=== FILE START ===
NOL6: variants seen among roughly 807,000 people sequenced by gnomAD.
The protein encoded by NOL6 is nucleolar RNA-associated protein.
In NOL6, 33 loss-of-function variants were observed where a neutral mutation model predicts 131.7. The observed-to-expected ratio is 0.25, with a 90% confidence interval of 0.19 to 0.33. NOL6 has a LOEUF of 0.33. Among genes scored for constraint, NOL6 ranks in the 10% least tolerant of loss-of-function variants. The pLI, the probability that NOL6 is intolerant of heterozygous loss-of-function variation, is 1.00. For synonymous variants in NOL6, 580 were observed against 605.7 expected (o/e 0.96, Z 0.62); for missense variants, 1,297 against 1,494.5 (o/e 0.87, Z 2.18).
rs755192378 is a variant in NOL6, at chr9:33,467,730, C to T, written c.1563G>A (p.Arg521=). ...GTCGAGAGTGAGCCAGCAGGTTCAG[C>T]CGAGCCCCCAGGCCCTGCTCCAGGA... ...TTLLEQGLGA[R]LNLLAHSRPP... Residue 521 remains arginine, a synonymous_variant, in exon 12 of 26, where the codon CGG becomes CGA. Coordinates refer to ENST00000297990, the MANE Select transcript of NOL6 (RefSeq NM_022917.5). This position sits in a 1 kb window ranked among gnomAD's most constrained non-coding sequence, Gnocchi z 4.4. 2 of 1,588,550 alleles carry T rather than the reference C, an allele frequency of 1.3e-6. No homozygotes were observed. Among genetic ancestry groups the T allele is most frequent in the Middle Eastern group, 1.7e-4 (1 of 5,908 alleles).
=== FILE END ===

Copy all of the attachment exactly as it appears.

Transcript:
NOL6: variants seen among roughly 807,000 people sequenced by gnomAD.
The protein encoded by NOL6 is nucleolar RNA-associated protein.
In NOL6, 33 loss-of-function variants were observed where a neutral mutation model predicts 131.7. The observed-to-expected ratio is 0.25, with a 90% confidence interval of 0.19 to 0.33. NOL6 has a LOEUF of 0.33. Among genes scored for constraint, NOL6 ranks in the 10% least tolerant of loss-of-function variants. The pLI, the probability that NOL6 is intolerant of heterozygous loss-of-function variation, is 1.00. For synonymous variants in NOL6, 580 were observed against 605.7 expected (o/e 0.96, Z 0.62); for missense variants, 1,297 against 1,494.5 (o/e 0.87, Z 2.18).
rs755192378 is a variant in NOL6, at chr9:33,467,730, C to T, written c.1563G>A (p.Arg521=). ...GTCGAGAGTGAGCCAGCAGGTTCAG[C>T]CGAGCCCCCAGGCCCTGCTCCAGGA... ...TTLLEQGLGA[R]LNLLAHSRPP... Residue 521 remains arginine, a synonymous_variant, in exon 12 of 26, where the codon CGG becomes CGA. Coordinates refer to ENST00000297990, the MANE Select transcript of NOL6 (RefSeq NM_022917.5). This position sits in a 1 kb window ranked among gnomAD's most constrained non-coding sequence, Gnocchi z 4.4. 2 of 1,588,550 alleles carry T rather than the reference C, an allele frequency of 1.3e-6. No homozygotes were observed. Among genetic ancestry groups the T allele is most frequent in the Middle Eastern group, 1.7e-4 (1 of 5,908 alleles).